John’s baptism of repentance calls people to a way of life that expresses commitment to God. This baptism occurs in the Jordan, the river that played an important role to the people of Israel, they entered into a new communal life to be shaped by God’s will instead of oppressive Egyptian power and punitive wilderness wanderings. Like other players in Biblical history, Jesus receives a call to repent, confesses sin, and commits to God’s will. However, we know that Jesus was without sin. This story of Jesus and his baptism instead focused on the exchange between Jesus and John, and then God’s declaration of Jesus’ identity, which takes center stage. This was a public event that commissioned the ministry of Jesus.
The baptism of Jesus had powerful effects. Matthew, like the Mark and Luke, recorded three events as Jesus rose from the water:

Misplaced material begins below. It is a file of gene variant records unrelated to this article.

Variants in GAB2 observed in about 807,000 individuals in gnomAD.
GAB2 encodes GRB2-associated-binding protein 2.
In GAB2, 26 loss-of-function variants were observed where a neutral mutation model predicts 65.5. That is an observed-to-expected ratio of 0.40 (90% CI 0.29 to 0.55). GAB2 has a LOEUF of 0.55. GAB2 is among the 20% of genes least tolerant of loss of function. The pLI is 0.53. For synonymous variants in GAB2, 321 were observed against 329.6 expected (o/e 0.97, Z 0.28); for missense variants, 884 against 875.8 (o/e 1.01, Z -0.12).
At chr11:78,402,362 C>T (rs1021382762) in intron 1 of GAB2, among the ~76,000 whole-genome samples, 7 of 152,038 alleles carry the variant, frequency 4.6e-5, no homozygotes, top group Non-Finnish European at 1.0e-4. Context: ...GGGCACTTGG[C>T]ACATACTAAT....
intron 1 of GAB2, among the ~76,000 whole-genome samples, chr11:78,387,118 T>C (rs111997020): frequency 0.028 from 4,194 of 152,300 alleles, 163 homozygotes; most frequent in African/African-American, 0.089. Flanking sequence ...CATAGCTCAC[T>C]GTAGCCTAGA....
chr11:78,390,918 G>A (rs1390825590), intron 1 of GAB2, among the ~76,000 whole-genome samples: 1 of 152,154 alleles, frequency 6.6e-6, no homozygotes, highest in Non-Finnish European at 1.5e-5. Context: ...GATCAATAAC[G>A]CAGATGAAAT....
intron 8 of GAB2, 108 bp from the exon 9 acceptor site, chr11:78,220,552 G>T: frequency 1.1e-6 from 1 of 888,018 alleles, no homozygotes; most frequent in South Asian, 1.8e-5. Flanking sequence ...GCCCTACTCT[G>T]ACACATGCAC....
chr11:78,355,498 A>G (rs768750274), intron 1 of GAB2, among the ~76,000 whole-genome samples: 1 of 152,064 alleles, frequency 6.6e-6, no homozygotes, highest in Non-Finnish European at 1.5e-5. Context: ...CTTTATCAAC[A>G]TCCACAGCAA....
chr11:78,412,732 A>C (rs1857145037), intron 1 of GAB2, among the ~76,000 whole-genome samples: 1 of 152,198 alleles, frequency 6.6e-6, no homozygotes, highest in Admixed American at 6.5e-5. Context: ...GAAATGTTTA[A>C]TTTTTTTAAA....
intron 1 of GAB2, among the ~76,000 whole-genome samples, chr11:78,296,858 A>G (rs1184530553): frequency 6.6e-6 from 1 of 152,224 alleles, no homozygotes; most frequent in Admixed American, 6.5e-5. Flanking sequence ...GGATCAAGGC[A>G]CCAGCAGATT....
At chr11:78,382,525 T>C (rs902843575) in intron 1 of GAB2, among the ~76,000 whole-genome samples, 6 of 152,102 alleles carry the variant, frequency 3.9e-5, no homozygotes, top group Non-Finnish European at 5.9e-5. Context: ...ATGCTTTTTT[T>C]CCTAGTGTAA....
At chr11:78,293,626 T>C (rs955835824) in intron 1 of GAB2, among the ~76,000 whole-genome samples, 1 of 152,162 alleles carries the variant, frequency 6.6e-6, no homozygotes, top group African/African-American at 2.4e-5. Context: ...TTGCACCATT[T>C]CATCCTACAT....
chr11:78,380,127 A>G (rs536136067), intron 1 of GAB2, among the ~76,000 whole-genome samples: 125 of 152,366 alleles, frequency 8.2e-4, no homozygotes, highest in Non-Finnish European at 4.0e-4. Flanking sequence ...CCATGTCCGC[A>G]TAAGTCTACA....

First the sky opened, which meant that heaven and the earth were no longer separated. God was one with his people. The kingdom of God was now present.
Secondly, the Spirit descended in the form of a dove – The descent of the Spirit had a specific purpose: to call and equip Jesus for a public ministry. The Spirit called Jesus to ministry that would unite people to God
Finally, a heavenly voice spoke. This voice revealed Jesus as the Messiah, God’s Anointed and emphasized the love relationship between the Father and his Son.
All three were remnants of God’s power in the baptism. And all three remnants are part of our own baptisms.